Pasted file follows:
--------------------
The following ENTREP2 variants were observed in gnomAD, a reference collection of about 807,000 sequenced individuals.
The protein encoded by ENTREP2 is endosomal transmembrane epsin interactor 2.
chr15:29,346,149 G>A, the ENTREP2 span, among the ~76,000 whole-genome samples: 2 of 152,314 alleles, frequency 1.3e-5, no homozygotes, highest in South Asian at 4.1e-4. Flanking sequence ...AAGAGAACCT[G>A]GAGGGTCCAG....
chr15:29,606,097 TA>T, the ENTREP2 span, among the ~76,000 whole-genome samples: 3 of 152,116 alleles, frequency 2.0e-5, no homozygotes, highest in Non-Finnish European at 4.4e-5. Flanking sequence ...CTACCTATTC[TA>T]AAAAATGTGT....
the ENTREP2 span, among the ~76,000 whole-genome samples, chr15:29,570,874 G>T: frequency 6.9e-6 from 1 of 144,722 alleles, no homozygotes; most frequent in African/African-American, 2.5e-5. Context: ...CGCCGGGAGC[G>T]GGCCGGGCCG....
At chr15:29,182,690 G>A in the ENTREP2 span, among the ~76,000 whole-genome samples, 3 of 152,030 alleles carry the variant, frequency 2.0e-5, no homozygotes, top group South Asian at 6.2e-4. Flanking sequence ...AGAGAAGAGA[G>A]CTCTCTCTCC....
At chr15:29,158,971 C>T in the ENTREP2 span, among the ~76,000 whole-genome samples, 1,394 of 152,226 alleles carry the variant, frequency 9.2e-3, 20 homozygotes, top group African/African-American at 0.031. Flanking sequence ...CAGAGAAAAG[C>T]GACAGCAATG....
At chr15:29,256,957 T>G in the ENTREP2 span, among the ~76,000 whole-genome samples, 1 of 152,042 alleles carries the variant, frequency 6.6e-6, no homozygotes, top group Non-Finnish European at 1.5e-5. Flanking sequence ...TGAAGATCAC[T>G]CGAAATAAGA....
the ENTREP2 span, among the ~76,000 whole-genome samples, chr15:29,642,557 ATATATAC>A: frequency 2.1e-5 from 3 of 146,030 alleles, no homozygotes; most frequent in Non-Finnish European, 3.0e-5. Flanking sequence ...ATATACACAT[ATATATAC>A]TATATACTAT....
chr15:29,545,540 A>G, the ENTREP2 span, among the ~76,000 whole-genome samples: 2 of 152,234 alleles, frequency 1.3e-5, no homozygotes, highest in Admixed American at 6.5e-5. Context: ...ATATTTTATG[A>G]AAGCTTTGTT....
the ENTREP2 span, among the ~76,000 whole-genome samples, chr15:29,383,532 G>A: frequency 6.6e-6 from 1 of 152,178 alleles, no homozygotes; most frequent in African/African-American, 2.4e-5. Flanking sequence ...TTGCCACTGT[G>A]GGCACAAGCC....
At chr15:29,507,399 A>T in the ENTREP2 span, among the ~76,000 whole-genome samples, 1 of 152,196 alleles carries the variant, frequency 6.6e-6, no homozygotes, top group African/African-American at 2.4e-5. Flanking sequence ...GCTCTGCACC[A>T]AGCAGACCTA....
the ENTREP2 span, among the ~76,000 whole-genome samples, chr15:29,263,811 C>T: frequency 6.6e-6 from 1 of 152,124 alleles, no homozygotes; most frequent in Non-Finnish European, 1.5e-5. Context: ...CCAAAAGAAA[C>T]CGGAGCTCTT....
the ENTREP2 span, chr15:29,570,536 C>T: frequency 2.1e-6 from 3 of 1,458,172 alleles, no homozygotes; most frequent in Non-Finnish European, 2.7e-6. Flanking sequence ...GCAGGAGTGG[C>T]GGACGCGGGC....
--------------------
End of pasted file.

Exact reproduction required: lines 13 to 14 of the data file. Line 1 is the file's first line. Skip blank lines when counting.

the ENTREP2 span, among the ~76,000 whole-genome samples, chr15:29,263,811 C>T: frequency 6.6e-6 from 1 of 152,124 alleles, no homozygotes; most frequent in Non-Finnish European, 1.5e-5. Context: ...CCAAAAGAAA[C>T]CGGAGCTCTT....
the ENTREP2 span, chr15:29,570,536 C>T: frequency 2.1e-6 from 3 of 1,458,172 alleles, no homozygotes; most frequent in Non-Finnish European, 2.7e-6. Flanking sequence ...GCAGGAGTGG[C>T]GGACGCGGGC....